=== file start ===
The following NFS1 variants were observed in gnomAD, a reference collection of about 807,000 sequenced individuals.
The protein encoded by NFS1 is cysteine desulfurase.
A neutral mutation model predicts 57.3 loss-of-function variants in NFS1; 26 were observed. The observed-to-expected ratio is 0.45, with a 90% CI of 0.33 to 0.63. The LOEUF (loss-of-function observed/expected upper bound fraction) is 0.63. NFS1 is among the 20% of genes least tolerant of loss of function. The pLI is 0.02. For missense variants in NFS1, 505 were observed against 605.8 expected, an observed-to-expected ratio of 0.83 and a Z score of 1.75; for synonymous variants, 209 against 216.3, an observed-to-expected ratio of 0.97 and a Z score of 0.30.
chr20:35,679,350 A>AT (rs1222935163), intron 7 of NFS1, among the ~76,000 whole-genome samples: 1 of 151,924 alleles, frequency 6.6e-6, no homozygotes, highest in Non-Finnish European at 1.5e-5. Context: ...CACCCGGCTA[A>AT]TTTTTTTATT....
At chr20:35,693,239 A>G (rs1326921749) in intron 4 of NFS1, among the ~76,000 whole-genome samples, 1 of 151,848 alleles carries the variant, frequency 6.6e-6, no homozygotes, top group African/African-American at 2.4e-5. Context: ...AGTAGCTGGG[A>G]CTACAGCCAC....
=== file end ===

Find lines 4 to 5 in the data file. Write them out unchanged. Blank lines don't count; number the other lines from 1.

chr20:35,679,350 A>AT (rs1222935163), intron 7 of NFS1, among the ~76,000 whole-genome samples: 1 of 151,924 alleles, frequency 6.6e-6, no homozygotes, highest in Non-Finnish European at 1.5e-5. Context: ...CACCCGGCTA[A>AT]TTTTTTTATT....
At chr20:35,693,239 A>G (rs1326921749) in intron 4 of NFS1, among the ~76,000 whole-genome samples, 1 of 151,848 alleles carries the variant, frequency 6.6e-6, no homozygotes, top group African/African-American at 2.4e-5. Context: ...AGTAGCTGGG[A>G]CTACAGCCAC....